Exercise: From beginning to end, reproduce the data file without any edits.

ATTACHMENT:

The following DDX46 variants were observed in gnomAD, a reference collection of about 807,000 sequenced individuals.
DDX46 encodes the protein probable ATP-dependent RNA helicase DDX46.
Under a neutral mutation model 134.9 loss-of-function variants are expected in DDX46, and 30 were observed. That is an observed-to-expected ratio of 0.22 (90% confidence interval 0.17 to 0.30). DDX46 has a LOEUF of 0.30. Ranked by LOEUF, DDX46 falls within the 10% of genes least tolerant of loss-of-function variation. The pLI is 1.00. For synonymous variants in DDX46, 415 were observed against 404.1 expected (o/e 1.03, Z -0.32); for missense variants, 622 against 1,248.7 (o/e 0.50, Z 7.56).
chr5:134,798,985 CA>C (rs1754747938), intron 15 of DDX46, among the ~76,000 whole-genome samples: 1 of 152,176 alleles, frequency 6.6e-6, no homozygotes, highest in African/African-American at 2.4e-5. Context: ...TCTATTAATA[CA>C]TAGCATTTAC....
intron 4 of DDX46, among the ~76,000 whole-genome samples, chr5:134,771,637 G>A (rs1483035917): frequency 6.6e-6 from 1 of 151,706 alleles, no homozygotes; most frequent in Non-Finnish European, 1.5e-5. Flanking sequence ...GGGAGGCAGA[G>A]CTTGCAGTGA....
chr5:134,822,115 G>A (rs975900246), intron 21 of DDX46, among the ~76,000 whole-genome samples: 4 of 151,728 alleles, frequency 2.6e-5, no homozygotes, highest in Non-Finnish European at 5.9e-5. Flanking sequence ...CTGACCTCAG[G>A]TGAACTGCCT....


The following DDX46 variants were observed in gnomAD, a reference collection of about 807,000 sequenced individuals.
DDX46 encodes the protein probable ATP-dependent RNA helicase DDX46.
Under a neutral mutation model 134.9 loss-of-function variants are expected in DDX46, and 30 were observed. That is an observed-to-expected ratio of 0.22 (90% confidence interval 0.17 to 0.30). DDX46 has a LOEUF of 0.30. Ranked by LOEUF, DDX46 falls within the 10% of genes least tolerant of loss-of-function variation. The pLI is 1.00. For synonymous variants in DDX46, 415 were observed against 404.1 expected (o/e 1.03, Z -0.32); for missense variants, 622 against 1,248.7 (o/e 0.50, Z 7.56).
chr5:134,798,985 CA>C (rs1754747938), intron 15 of DDX46, among the ~76,000 whole-genome samples: 1 of 152,176 alleles, frequency 6.6e-6, no homozygotes, highest in African/African-American at 2.4e-5. Context: ...TCTATTAATA[CA>C]TAGCATTTAC....
intron 4 of DDX46, among the ~76,000 whole-genome samples, chr5:134,771,637 G>A (rs1483035917): frequency 6.6e-6 from 1 of 151,706 alleles, no homozygotes; most frequent in Non-Finnish European, 1.5e-5. Flanking sequence ...GGGAGGCAGA[G>A]CTTGCAGTGA....
chr5:134,822,115 G>A (rs975900246), intron 21 of DDX46, among the ~76,000 whole-genome samples: 4 of 151,728 alleles, frequency 2.6e-5, no homozygotes, highest in Non-Finnish European at 5.9e-5. Flanking sequence ...CTGACCTCAG[G>A]TGAACTGCCT....